Photograph: Pal Hansen/The Observer
The celebrated American mezzo-soprano on trading her first vocation for ‘the dark side’, the genius of Handel – and channeling House of Cards in her latest, ruthless role
Standing alone under the glass-and-iron canopy of the Royal Opera House’s Paul Hamlyn Hall, the American mezzo-soprano Joyce DiDonato is in full dramatic flight: winking, grinning, pouting, flirting, twirling, giggling. It’s a lesson for the photo-phobic: always give your all, even to an inanimate camera lens. The Observer’s photographer makes one last request and it doesn’t sound simple: would she lie down on that sofa over there so he can snap her from the gallery above? Furniture is rearranged. They’ve already had an hour. Inwardly I’m an emoji scream. DiDonato is right there, splayed out Hollywood-starlet style, shoes on, off, hand this way, arm flung back, patience personified. When the shoot is over, she says how much she enjoyed it – an unheard-of response from a madly busy international opera star, just out of a long day’s rehearsal.
As we walk through the ROH’s backstage warren to a private room to talk, she’s instantly in offstage mode, conversational, candid, warm, funny, reflecting on the day’s rehearsal. “The mood was black. I’ve got to shake it off,” she shudders, describing not the working atmosphere but aspects of Handel’s Agrippina (1709), in which she sings the title role in a new production for the Royal Opera by Barrie Kosky. This co-production with Bavarian State Opera, Munich, and Dutch National Opera is conducted by Maxim Emelyanychev in his house debut.
DiDonato’s character, the wife of the Roman emperor Claudius, is one of opera’s greatest political operators. Having recorded the work for future release, and sung it at the Barbican and elsewhere, DiDonato is steeped in it. Supreme as an actor as well as a singer, she totally inhabits every role. “Agrippina feels like the most modern drama, helped by the fact of Barrie’s production being timeless. I’ve got plenty of role models in mind – strong, wounded, slightly broken women. Robin Wright in House of Cards. Julia Louis-Dreyfus in Veep. Or, though she wasn’t villainous, Hillary Clinton 20 years ago – the smart, super-intelligent, suffering wife. It’s easy to say Agrippina’s wicked, power-obsessed. But she has no choice, no place in society other than being by the side of her husband. There are definitely times, in the crowd scenes, when I feel like Melania Trump: the cameras are there, darling.”The previous week, on Twitter, DiDonato had described the air in the rehearsal room not as black, but blue. “Ha, yes. That was about swearing at the difficulties of learning the part. It’s the densest, most elaborate, largest Italian text that must exist in opera. Agrippina has so much information to impart, so many things to resolve. And she’s three steps ahead of all the useless men around her. It’s constant information, manipulation, plotting and resolving. The story unfolds like rolling news today. And I keep saying, this is genius. How did Handel know the human psyche so profoundly? He’s the composer who’s taught me most. I’d put Agrippina up there with Richard III.”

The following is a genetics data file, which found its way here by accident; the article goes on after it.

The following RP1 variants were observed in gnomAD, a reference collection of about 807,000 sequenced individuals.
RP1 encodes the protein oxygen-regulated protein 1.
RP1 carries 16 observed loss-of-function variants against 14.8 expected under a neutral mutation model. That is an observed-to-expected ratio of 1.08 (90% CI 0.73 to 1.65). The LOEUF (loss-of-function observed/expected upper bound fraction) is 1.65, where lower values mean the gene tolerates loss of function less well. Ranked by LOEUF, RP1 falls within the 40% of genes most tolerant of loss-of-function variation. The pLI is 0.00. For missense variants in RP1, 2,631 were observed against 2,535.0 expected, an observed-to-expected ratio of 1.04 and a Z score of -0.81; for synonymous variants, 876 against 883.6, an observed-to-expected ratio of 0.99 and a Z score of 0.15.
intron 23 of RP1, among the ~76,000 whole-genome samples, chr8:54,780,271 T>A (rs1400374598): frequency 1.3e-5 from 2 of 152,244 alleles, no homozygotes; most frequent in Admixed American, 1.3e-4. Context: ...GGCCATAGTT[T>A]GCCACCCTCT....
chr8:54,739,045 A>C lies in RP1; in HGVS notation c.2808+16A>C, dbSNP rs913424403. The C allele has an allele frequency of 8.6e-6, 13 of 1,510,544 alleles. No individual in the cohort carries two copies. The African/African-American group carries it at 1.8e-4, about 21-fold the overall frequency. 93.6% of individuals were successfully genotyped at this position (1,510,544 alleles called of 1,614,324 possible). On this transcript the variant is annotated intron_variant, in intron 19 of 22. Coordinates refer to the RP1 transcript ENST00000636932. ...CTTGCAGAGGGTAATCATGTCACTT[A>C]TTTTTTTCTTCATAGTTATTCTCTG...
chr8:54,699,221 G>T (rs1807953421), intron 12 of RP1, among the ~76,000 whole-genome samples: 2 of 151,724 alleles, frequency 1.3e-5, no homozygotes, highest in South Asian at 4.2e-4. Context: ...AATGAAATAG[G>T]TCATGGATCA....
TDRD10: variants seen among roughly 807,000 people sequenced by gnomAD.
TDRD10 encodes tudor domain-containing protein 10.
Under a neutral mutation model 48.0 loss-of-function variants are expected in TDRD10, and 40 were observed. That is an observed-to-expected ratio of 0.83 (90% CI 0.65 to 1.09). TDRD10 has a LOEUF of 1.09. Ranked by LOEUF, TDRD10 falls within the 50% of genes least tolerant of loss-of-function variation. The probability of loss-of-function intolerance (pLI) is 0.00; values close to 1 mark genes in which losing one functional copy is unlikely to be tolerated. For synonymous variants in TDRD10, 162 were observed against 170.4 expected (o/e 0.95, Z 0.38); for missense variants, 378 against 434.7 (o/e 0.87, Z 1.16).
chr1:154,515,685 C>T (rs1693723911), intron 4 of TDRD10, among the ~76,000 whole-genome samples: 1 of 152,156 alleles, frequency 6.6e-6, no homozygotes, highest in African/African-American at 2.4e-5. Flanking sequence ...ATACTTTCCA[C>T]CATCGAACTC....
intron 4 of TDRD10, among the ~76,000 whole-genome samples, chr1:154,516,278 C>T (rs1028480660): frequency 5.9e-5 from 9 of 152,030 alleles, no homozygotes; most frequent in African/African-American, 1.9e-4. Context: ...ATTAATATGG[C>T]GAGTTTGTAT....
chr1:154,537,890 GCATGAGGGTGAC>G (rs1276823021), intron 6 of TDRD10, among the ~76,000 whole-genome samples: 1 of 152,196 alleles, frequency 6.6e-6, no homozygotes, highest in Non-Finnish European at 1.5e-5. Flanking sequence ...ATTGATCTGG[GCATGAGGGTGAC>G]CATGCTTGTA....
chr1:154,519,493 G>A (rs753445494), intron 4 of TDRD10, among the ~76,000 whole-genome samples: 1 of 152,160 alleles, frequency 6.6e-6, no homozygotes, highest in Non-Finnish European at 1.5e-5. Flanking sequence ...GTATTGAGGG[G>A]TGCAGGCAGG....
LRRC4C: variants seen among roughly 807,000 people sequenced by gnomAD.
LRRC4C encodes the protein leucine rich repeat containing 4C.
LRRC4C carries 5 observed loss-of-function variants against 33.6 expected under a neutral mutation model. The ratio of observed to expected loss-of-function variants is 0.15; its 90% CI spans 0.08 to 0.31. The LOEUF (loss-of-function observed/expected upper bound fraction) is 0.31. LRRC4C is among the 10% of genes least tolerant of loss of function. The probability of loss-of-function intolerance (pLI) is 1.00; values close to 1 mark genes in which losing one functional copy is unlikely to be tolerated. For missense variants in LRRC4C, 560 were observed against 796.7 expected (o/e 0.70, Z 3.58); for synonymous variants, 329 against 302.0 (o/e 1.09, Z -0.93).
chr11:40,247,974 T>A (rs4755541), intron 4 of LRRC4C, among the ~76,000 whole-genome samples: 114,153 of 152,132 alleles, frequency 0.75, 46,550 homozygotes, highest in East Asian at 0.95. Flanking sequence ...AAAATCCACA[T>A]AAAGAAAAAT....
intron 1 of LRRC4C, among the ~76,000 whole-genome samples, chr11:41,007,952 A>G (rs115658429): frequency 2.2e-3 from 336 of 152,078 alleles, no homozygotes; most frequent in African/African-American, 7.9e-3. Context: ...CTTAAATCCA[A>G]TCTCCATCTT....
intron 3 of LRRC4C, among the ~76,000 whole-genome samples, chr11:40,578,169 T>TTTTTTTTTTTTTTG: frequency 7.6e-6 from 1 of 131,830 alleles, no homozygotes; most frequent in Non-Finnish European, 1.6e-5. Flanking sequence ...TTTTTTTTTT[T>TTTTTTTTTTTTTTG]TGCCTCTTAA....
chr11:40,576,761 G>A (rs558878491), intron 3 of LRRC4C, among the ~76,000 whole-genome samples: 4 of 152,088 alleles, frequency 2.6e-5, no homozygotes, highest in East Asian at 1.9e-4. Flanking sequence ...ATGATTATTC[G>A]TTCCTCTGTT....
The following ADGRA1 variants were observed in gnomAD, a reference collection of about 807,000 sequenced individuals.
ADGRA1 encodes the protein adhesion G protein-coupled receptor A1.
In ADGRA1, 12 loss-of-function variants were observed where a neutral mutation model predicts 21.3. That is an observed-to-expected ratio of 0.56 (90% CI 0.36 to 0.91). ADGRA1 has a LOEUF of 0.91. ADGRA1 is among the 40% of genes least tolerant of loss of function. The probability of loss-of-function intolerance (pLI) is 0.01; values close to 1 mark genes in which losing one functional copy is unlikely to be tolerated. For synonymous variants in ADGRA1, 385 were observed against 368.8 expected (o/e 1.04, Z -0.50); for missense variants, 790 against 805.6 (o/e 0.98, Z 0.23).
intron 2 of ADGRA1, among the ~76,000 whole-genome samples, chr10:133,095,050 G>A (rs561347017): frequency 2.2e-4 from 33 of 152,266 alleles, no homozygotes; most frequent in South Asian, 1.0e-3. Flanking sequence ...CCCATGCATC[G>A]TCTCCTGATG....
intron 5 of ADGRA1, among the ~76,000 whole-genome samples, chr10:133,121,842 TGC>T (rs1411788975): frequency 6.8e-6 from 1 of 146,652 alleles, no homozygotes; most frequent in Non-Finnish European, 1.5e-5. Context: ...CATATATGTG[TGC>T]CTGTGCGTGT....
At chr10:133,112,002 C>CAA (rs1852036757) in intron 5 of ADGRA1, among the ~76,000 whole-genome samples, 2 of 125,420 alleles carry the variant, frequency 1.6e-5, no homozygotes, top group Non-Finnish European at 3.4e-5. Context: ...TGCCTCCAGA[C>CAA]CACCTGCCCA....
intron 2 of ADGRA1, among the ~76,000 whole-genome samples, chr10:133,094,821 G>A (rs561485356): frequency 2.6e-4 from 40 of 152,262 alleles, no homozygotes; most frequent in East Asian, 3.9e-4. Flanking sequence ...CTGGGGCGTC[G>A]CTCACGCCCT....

Born Joyce Flaherty in Prairie Village, Kansas, in 1969, the sixth of seven children in an Irish-American family, DiDonato was immersed in music from the start. Her father, a local architect, directed the church choir; her mother was the organist. Joyce expected to become a music teacher, and wrestled with her conscience when the pull of a professional singing career proved irresistible. “My childhood was quite strict. My parents were very observant Catholics. It was your duty in life to find your vocation and serve God. I thought mine was to teach. I saw poverty, abuse, need, in schools. How could I square this with the enormous fun, the selfishness, of performing? My dad, who I was really close to, said something so wise: ‘You know, Joyce, there is more than one way to teach…’ That gave me permission to go to the dark side. I still want to feel I’m in service.”
This sense of responsibility, and that instinct to teach, is perhaps why she spends so much time giving masterclasses, online and in person. Keenly alert to issues of social and political justice, DiDonato’s most personal project so far has been In War and Peace: Harmony Through Music, a themed album of baroque arias by Purcell, Monteverdi and others. It was her response to the terrorist attacks in Paris in 2015. “We’ve taken it across the world – Istanbul, Moscow, Beijing just steps away from Tiananmen Square, Abu Dhabi in front of sheikhs and diplomats – all with this identical message of peace.” She will end the tour at the Kennedy Center, Washington DC, in November. “I mean, how radically different is the world from when I launched this in November 2016, six days after Trump was elected? I’m a musician, a performer, but I’m a citizen. I’m in a privileged position. I understand that. I’m trying to find the right balance between being an activist and reminding everyone of the joy of music.”
Read the complete article via The Guardian